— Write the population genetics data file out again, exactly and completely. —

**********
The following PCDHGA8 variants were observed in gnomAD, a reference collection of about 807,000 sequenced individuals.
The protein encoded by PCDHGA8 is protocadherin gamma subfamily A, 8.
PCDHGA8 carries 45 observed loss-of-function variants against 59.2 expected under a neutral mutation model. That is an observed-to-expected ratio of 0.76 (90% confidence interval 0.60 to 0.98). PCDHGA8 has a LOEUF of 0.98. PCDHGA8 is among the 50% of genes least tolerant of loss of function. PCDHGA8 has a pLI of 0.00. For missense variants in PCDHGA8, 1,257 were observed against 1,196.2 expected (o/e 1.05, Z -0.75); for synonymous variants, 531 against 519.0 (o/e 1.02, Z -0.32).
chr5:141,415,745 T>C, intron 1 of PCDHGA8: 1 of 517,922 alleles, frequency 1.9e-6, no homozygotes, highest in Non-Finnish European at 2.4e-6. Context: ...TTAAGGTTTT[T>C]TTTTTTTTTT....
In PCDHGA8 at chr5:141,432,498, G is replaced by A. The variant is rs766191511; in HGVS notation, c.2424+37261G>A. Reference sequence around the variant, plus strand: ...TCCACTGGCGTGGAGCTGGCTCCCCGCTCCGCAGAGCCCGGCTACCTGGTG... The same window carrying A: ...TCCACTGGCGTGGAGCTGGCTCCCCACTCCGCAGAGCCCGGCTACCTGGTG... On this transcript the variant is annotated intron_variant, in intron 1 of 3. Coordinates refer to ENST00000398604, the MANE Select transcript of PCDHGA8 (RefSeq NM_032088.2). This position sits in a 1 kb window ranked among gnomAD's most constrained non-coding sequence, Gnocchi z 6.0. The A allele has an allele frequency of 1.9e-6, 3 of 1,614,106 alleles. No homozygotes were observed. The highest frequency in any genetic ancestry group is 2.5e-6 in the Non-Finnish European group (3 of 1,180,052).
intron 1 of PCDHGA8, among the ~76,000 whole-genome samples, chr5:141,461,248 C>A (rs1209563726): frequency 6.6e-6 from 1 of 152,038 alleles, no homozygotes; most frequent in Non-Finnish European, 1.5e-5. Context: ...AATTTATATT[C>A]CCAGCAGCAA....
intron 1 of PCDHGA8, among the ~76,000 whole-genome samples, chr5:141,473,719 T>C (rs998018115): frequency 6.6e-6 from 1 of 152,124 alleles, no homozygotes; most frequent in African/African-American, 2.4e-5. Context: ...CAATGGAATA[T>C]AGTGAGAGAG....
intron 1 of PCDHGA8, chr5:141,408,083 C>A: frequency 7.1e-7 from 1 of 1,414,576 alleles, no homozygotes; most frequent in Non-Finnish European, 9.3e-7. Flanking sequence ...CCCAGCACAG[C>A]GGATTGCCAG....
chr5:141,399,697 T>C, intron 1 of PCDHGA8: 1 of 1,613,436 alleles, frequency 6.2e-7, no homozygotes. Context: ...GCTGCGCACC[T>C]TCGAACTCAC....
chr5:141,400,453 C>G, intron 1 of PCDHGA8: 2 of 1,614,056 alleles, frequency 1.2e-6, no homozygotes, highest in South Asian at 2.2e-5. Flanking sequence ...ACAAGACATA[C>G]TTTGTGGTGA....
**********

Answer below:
The following PCDHGA8 variants were observed in gnomAD, a reference collection of about 807,000 sequenced individuals.
The protein encoded by PCDHGA8 is protocadherin gamma subfamily A, 8.
PCDHGA8 carries 45 observed loss-of-function variants against 59.2 expected under a neutral mutation model. That is an observed-to-expected ratio of 0.76 (90% confidence interval 0.60 to 0.98). PCDHGA8 has a LOEUF of 0.98. PCDHGA8 is among the 50% of genes least tolerant of loss of function. PCDHGA8 has a pLI of 0.00. For missense variants in PCDHGA8, 1,257 were observed against 1,196.2 expected (o/e 1.05, Z -0.75); for synonymous variants, 531 against 519.0 (o/e 1.02, Z -0.32).
chr5:141,415,745 T>C, intron 1 of PCDHGA8: 1 of 517,922 alleles, frequency 1.9e-6, no homozygotes, highest in Non-Finnish European at 2.4e-6. Context: ...TTAAGGTTTT[T>C]TTTTTTTTTT....
In PCDHGA8 at chr5:141,432,498, G is replaced by A. The variant is rs766191511; in HGVS notation, c.2424+37261G>A. Reference sequence around the variant, plus strand: ...TCCACTGGCGTGGAGCTGGCTCCCCGCTCCGCAGAGCCCGGCTACCTGGTG... The same window carrying A: ...TCCACTGGCGTGGAGCTGGCTCCCCACTCCGCAGAGCCCGGCTACCTGGTG... On this transcript the variant is annotated intron_variant, in intron 1 of 3. Coordinates refer to ENST00000398604, the MANE Select transcript of PCDHGA8 (RefSeq NM_032088.2). This position sits in a 1 kb window ranked among gnomAD's most constrained non-coding sequence, Gnocchi z 6.0. The A allele has an allele frequency of 1.9e-6, 3 of 1,614,106 alleles. No homozygotes were observed. The highest frequency in any genetic ancestry group is 2.5e-6 in the Non-Finnish European group (3 of 1,180,052).
intron 1 of PCDHGA8, among the ~76,000 whole-genome samples, chr5:141,461,248 C>A (rs1209563726): frequency 6.6e-6 from 1 of 152,038 alleles, no homozygotes; most frequent in Non-Finnish European, 1.5e-5. Context: ...AATTTATATT[C>A]CCAGCAGCAA....
intron 1 of PCDHGA8, among the ~76,000 whole-genome samples, chr5:141,473,719 T>C (rs998018115): frequency 6.6e-6 from 1 of 152,124 alleles, no homozygotes; most frequent in African/African-American, 2.4e-5. Context: ...CAATGGAATA[T>C]AGTGAGAGAG....
intron 1 of PCDHGA8, chr5:141,408,083 C>A: frequency 7.1e-7 from 1 of 1,414,576 alleles, no homozygotes; most frequent in Non-Finnish European, 9.3e-7. Flanking sequence ...CCCAGCACAG[C>A]GGATTGCCAG....
chr5:141,399,697 T>C, intron 1 of PCDHGA8: 1 of 1,613,436 alleles, frequency 6.2e-7, no homozygotes. Context: ...GCTGCGCACC[T>C]TCGAACTCAC....
chr5:141,400,453 C>G, intron 1 of PCDHGA8: 2 of 1,614,056 alleles, frequency 1.2e-6, no homozygotes, highest in South Asian at 2.2e-5. Flanking sequence ...ACAAGACATA[C>G]TTTGTGGTGA....